Monday, February 12, 2007

What Are They Going to Do for an Encore, Burn the Book?

Long before Mark David Chapman was autographing copies in his jail cell, The Catcher in the Rye was a perennial bestseller.


In my previous posting “With Enemies Like This, Who Needs Friends?” I suggested that to generate publicity for their film Chapter 27
—starring Jared Leto as Mark Chapman and Lindsay Lohan as Jude, a Lennon groupie—Peace Arch Entertainment created and continues to finance Such a tactic is hardly farfetched. With the notable exceptions of O.J. Simpson and Michael Jackson, the Golden Rule of Hollywood is: All publicity is good, no matter what they say. Press coverage means interest, and interest means distribution deals and ticket sales. Any time the government or any group attempts to boycott or censor a work of art (and I use the term “art” in the broadest possible sense), everybody wants to find out for themselves what all the fuss is about. So they run to see it. It never fails.

The classic example, which I cited a year ago in one of my first postings, “Astute Readers, Aspiring Censors, and IMDB: The Chapter 27 Page,” is Richard Nixon’s 1972 attack on Deep Throat. The week the Watergate scandal broke, Nixon, in an attempt to distract the country, ordered the FBI to shut down every theatre showing the film, confiscate the prints, and arrest the filmmakers and actors on obscenity charges. The result: a mediocre porn flick, shot in a week for $25,000, became the 11th-highest-grossing film of 1973, with earnings of over $600 million, and Linda Lovelace became the world’s first porno “superstar.”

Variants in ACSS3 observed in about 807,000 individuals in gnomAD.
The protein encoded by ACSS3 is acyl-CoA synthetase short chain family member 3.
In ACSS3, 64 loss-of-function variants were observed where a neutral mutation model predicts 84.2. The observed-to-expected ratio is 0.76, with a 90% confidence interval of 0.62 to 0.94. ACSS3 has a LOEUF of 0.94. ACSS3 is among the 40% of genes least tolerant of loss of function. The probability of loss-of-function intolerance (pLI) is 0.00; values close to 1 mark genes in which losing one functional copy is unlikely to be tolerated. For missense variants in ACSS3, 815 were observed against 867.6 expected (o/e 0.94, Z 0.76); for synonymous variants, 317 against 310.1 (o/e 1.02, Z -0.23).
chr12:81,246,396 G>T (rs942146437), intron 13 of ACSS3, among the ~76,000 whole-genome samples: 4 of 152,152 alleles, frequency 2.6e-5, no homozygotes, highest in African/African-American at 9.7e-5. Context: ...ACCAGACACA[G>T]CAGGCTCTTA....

I also pointed out that long before Mark David Chapman was autographing copies of The Catcher in the Rye in his prison cell, the book was a perennial best-seller, thanks in part to the high school principals all over America who’d been banning it for 29 years.

And in 1999, of course, there was Rudy Giuliani’s attempt to shut down the “Sensation” exhibit at the Brooklyn Museum because one of the paintings, Chris Ofili’s “Holy Virgin Mary,” was partially composed of elephant dung, and the former New York mayor found it offensive. The result: 170,000 people, the most that had come to the museum in a decade, showed up to look at the painting.

Publicity is not an easy thing to come by. A person’s name (or the name of an organization) does not end up in a high-profile gossip column by accident. In general, if you want to see your name in boldface, you have to pay a well-connected PR firm between $3,000 and $10,000 per month to pull the required strings; some authors have been known to spend their entire advance on a month of PR—with no guarantees.

That the Chapter 27 boycott was the lead item in a gossip column in the New York Daily News just as Chapter 27 was being buried under an avalanche of less-than-kind reviews following its Sundance premiere, and that the story was then flashed around the world, seemed too well timed, and far too sophisticated a result for an organization whose blog, at best, rises to the level of coherent hate speech.